Canadian Forest Service Publications
Ontogenetic Changes in the Behavioral Response to Light and Gravity in a Geometrid Larva. 2021. Royer, L.; Delisle, J.; Labrecque, A.; J Insect Behav 34: 61–69
Issued by: Laurentian Forestry Centre
Catalog ID: 40334
CFS Availability: PDF (request by e-mail)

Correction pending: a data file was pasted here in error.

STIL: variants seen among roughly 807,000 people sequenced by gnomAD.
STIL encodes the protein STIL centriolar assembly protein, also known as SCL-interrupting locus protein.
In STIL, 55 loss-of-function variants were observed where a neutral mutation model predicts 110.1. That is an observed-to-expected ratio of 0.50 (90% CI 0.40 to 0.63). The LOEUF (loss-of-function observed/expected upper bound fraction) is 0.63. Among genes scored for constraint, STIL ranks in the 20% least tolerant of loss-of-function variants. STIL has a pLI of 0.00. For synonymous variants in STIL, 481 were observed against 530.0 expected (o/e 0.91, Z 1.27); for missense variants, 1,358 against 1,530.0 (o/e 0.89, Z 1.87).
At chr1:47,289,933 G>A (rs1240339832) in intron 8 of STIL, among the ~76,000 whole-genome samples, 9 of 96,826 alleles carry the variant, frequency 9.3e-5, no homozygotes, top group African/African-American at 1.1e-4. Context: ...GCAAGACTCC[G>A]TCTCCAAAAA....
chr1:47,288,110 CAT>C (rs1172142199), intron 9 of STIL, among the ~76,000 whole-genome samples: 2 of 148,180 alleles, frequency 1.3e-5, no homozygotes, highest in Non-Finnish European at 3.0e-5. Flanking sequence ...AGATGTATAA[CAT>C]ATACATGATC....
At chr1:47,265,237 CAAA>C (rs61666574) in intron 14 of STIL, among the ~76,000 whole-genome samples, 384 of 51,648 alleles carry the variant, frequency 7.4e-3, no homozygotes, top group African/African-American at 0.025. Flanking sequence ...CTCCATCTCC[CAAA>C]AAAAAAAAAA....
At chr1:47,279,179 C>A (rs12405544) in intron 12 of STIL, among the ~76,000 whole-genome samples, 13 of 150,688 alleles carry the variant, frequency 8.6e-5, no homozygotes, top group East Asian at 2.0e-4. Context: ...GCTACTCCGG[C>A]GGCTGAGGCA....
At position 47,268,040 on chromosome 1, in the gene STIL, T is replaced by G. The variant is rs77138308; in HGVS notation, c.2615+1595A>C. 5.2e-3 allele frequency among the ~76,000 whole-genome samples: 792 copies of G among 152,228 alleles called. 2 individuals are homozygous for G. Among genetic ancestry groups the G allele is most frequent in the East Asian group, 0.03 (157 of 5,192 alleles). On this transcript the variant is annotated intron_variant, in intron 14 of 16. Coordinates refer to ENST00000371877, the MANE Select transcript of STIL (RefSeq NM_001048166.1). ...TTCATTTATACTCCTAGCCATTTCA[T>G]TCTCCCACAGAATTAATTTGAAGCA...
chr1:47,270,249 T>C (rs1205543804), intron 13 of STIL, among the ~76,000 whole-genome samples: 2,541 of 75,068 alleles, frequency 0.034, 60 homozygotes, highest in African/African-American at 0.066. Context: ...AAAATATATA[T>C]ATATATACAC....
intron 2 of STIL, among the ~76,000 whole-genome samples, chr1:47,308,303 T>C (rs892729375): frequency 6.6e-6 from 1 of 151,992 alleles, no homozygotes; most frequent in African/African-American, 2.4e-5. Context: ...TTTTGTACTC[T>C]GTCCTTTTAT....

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The hemlock looper, Lambdina fiscellaria, is a major defoliator of coniferous forests. As looper larvae are known for their wandering habits, we determined the underlying behavioral mechanisms that enable them to orient in the environment. First, we quantified the response of all larval stages to light or gravity, and to both stimuli tested simultaneously. Second, we evaluated the combined effect of substrate texture and light on the selection of pupation sites by wandering mature larvae (4th instar +10 days). We found that light attracted neonates and newly molted larvae of all stages, but response indices decreased significantly between the second and third larval stages. In a 45° inclined tube, larvae showed a geonegative response that remained relatively constant from one stage to the next. No synergy between the two stimuli was observed when a light source was placed on top of the inclined tube. In contrast, when the light source was placed at the base, the light signal dominated the gravity stimulus. Finally, wandering larvae were indifferent to unidirectional light and reacted positively to gravity. They preferred to pupate in a dark environment, a choice that could be modulated by positive photokinesis. Their final selection of a pupation site also involved physical contact with the substrate, which resembles positive thigmokinesis. The ecological significance of these results is discussed in relation to the spatial distribution of the various larval stages on host trees.